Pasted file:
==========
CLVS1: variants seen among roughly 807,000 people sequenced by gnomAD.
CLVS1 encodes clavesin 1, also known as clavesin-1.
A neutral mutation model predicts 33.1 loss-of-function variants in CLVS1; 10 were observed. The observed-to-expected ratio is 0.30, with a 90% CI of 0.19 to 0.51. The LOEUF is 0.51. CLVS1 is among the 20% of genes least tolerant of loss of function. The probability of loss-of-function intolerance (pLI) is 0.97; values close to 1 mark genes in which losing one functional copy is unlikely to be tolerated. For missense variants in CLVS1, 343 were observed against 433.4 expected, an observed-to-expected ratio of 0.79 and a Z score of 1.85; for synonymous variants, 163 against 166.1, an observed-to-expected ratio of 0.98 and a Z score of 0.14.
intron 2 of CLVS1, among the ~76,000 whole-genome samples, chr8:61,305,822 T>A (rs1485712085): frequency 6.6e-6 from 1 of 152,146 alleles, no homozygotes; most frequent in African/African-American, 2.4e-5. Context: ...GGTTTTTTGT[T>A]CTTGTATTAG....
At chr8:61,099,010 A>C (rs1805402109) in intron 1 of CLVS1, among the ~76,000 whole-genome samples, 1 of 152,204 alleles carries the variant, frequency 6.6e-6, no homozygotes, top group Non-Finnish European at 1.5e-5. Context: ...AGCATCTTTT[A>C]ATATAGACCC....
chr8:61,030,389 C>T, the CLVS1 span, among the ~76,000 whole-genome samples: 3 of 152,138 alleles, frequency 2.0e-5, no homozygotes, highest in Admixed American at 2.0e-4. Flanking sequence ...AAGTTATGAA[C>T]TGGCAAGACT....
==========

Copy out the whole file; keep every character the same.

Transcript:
CLVS1: variants seen among roughly 807,000 people sequenced by gnomAD.
CLVS1 encodes clavesin 1, also known as clavesin-1.
A neutral mutation model predicts 33.1 loss-of-function variants in CLVS1; 10 were observed. The observed-to-expected ratio is 0.30, with a 90% CI of 0.19 to 0.51. The LOEUF is 0.51. CLVS1 is among the 20% of genes least tolerant of loss of function. The probability of loss-of-function intolerance (pLI) is 0.97; values close to 1 mark genes in which losing one functional copy is unlikely to be tolerated. For missense variants in CLVS1, 343 were observed against 433.4 expected, an observed-to-expected ratio of 0.79 and a Z score of 1.85; for synonymous variants, 163 against 166.1, an observed-to-expected ratio of 0.98 and a Z score of 0.14.
intron 2 of CLVS1, among the ~76,000 whole-genome samples, chr8:61,305,822 T>A (rs1485712085): frequency 6.6e-6 from 1 of 152,146 alleles, no homozygotes; most frequent in African/African-American, 2.4e-5. Context: ...GGTTTTTTGT[T>A]CTTGTATTAG....
At chr8:61,099,010 A>C (rs1805402109) in intron 1 of CLVS1, among the ~76,000 whole-genome samples, 1 of 152,204 alleles carries the variant, frequency 6.6e-6, no homozygotes, top group Non-Finnish European at 1.5e-5. Context: ...AGCATCTTTT[A>C]ATATAGACCC....
chr8:61,030,389 C>T, the CLVS1 span, among the ~76,000 whole-genome samples: 3 of 152,138 alleles, frequency 2.0e-5, no homozygotes, highest in Admixed American at 2.0e-4. Flanking sequence ...AAGTTATGAA[C>T]TGGCAAGACT....